A standing room only crowd attended the Lookout Mountain, Ga., City Council meeting Thursday night to see Jimmy Chapin and Greg Voges present a new plan for developing the town center. An anticipated second proposal from Garnet Chapin with architect Michael McGowan was not made at the meeting due to another obligation of Mr. Chapin - a McCallie School event at which he was to receive an award. Mr. McGowan was present, but did not address the council.
The proposal includes two municipal buildings, one for the Fire and Police Departments and the other to be used as the Town Hall. Additionally, there is an 8,000-square-foot building planned as a grocery store and deli with outdoor seating. Another would be used as a doctor’s office.
These structures will take up most of the existing space. The style will be very traditional using local, natural materials in keeping with the Fairyland style.
The most important part of the design, said Jimmy Chapin, is an amphitheater at the back of the site which will use the existing steep slope for tiered seating, stepped with mountain stone and grass and a stage in the front. A grassy path would connect the site through the center to the new walkway along Scenic Highway. An access road that now exists, would be replaced with a clock tower equipped with two fireplaces and would provide outside seating areas.
The developers are willing and ready to be responsible for depositing $500,000 upon closing the sale of the property, they said. They are hoping to get $300,000 for building the amphitheater and clock tower in a later part of the work from fundraising, but will put up the money personally, if needed, the council was told. The city would have the option of buying or leasing municipal space. The cost to lease that space would be $7,000 per month. The city would then become the anchor tenant of the development.
Mayor Bill Glascock said the council would welcome seeing the alternate plan, but it needs to be done quickly.
No decisions were made at Thursday’s meeting. Mayor Glascock said this meeting was to hear what the residents think and that the council will need to study the plan and discuss it further in order to make a decision. He said the council members need more detail and that it is still in a very preliminary state.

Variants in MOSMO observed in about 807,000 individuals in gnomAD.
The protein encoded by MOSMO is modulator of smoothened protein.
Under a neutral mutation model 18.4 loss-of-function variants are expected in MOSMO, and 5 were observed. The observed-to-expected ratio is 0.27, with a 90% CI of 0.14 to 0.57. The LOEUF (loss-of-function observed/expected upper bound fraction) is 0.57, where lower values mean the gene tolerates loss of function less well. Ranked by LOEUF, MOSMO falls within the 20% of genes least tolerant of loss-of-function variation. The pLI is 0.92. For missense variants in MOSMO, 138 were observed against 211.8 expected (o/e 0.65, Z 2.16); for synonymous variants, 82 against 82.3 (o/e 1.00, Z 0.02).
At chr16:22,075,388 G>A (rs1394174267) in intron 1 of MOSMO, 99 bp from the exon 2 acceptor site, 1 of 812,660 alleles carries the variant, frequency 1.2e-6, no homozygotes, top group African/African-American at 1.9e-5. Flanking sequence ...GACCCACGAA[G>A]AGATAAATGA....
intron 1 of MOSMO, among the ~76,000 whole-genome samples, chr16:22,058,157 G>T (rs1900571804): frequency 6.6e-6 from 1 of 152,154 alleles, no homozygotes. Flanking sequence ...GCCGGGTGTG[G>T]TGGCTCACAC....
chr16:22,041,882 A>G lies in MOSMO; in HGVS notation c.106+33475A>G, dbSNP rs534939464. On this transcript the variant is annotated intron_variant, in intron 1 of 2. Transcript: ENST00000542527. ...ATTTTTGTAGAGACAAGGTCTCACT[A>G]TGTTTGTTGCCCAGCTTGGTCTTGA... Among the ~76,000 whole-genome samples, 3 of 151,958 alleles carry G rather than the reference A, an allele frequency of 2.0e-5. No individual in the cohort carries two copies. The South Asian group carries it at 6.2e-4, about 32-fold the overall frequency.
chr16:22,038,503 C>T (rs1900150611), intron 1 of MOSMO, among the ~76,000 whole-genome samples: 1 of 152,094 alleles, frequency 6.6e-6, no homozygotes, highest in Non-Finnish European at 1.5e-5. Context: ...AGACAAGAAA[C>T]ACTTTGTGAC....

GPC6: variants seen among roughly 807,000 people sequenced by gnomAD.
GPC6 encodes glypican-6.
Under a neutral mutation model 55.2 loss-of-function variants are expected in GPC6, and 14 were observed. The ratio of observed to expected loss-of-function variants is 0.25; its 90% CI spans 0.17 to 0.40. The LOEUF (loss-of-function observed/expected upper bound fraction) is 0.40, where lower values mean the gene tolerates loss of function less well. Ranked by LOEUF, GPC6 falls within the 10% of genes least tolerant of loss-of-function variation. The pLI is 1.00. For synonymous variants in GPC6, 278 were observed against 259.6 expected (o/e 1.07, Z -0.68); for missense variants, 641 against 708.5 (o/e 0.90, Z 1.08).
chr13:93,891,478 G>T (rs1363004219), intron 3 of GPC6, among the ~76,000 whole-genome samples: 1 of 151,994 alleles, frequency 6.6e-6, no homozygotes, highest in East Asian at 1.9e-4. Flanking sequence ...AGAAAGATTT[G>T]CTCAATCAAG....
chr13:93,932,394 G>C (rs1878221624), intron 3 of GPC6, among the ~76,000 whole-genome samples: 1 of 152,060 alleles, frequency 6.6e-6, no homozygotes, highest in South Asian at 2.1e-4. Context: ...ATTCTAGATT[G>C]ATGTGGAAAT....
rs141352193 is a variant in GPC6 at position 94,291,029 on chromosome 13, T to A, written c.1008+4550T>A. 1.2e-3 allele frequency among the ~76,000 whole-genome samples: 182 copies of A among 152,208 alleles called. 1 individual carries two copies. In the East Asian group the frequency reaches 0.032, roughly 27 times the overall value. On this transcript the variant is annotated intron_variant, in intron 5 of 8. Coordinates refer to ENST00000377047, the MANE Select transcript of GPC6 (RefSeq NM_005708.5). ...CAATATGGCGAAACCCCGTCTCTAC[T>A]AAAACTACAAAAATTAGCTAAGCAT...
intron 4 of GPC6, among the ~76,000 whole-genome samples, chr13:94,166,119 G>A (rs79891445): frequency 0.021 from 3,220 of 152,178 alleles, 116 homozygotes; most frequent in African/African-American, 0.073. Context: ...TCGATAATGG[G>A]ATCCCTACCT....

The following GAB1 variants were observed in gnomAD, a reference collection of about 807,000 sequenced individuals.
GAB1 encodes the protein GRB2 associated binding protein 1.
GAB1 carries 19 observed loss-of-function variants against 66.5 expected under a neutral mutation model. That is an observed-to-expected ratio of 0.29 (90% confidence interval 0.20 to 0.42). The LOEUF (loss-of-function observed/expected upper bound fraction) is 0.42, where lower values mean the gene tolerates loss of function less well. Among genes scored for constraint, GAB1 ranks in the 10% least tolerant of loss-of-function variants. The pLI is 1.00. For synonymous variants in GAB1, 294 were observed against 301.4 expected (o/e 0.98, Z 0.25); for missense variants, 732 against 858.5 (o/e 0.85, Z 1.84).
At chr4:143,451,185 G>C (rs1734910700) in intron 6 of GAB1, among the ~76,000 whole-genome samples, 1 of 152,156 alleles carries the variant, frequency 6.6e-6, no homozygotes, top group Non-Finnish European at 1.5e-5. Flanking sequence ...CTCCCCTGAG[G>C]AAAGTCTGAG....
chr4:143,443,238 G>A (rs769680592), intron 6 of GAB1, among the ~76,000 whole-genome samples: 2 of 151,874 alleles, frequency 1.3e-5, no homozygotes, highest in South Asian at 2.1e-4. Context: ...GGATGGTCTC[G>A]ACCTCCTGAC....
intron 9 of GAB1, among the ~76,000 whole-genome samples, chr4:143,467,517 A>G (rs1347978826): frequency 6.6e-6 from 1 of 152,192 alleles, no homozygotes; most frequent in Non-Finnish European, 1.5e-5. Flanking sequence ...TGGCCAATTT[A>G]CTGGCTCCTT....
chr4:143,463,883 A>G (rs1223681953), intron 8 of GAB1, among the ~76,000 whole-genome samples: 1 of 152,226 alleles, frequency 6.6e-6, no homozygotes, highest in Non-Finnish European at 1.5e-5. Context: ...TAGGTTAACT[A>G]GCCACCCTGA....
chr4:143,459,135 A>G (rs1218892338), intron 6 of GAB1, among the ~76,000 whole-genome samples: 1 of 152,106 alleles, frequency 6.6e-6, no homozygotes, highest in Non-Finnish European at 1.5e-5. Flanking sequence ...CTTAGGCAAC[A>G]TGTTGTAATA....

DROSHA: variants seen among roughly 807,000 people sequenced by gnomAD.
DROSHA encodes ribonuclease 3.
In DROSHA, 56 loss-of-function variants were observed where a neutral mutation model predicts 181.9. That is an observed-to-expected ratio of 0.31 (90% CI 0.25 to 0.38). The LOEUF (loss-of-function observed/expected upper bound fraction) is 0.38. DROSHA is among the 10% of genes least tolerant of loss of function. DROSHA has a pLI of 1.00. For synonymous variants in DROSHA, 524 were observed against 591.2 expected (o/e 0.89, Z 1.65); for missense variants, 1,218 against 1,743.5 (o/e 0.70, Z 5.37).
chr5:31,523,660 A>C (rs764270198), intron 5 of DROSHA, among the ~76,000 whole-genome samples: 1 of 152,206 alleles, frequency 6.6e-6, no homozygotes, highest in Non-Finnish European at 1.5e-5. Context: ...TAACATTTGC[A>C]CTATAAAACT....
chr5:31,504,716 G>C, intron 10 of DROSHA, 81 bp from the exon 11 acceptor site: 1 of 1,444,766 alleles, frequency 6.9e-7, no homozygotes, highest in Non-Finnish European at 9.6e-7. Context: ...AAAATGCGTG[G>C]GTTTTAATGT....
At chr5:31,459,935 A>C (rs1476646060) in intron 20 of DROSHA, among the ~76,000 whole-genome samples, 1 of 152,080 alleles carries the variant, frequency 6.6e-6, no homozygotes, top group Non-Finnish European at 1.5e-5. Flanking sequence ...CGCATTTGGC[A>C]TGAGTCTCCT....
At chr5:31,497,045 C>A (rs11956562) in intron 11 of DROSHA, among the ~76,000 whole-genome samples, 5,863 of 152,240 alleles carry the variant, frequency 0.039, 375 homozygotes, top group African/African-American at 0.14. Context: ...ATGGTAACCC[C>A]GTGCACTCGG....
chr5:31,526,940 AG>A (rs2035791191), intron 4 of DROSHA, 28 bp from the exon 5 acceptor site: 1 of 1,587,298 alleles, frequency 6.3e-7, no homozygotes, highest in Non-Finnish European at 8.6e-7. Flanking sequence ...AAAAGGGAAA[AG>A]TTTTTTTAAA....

Relocation of Dr. Bill Moore Smith’s medical office has been a big consideration in plans of the new Village Center. Mayor Glascock asked Dr. Smith what it would take, for the city to get him to move into the new building. He answered that this will be a financial issue for him. He said that having Erlanger as a partner is really a gift to the community because the hospital is willing to absorb some of the cost for establishing the practice on the mountain. He added that personally he would have to be able to afford it. That conversation will be continued when more details are known about the newly presented proposal.
The mission statement made by the developers for this new Fairyland Village Center, is “Creating a world class Village Center serving the community of Lookout Mountain while preserving the image of Fairyland.” Mr. Chapin said that the city had done a comprehensive plan in 2009 which made proposals for growth for the next 100 years. He had used a lot of those ideas and concepts and added some of his own in this new design. His goal is to create an icon that will affect the future in a positive way.
Conceptual drawings were done by architect Garth Brown. Mr. Chapin told the crowd that the buildings and site plan may change from these drawings based on the needs of the actual tenants. One problem with both of the plans, said Mayor Glascock, is that there is no letter of intent from any tenant, which is needed by a developer before any project is begun. Another thing missing, he said, is that an architect needs to put the plan to scale to make sure that it works. It would be necessary for details such as confirming that a turning radius is feasible.
One resident questioned the developer about what studies had been done to determine the kind of businesses that a population of 7,000 can support. Since the grocery store is a key element of the plan, it was pointed out that there may not be enough business to support both a new store in addition to the Market on the Mountain that is already located on the Tennessee side. Mr. Chapin optimistically answered that this development is a high-traffic area, and that the population of 7,000 versus 2,000 on the Tennessee side could supply enough business to support the store. Mr. Voges added that he might have discussions with the Tennesssee market about making a move. He said “we’re not here to compete.”
The timeline given by the developers is Sept. 30 for receiving a bid approval, Oct. 15 for closing on the purchase of the site, Nov. 1 for site work to begin with demolition, and June 1, 2014 for completion. In a brief discussion of the proposal, several council members said this timeline was ambitious. Any plan must first go before the planning board, and there must be a public hearing. Some elements may require a variance to be built.
In general, the council had a positive reaction to the concept and plan, but had reservations about financing it. It was the consensus, however, that a decision needs to be made soon.
In other business, Blair Ramey made a recommendation to the council concerning the refinancing of the sewer system. After a competitive process with nine financial institutions, he concluded that the best option for the city was to use the Bank of Lafayette. This agreement will add two additional years to the debt, which is currently eight years, but by refinancing it, the net present value of the savings will be $61,000.
A new millage rate for the city will need to be finalized soon so that tax bills can be prepared. The council will meet again on Sept. 27 to decide on a new rate. The second reading to approve the newly established millage rate will be on Oct. 4.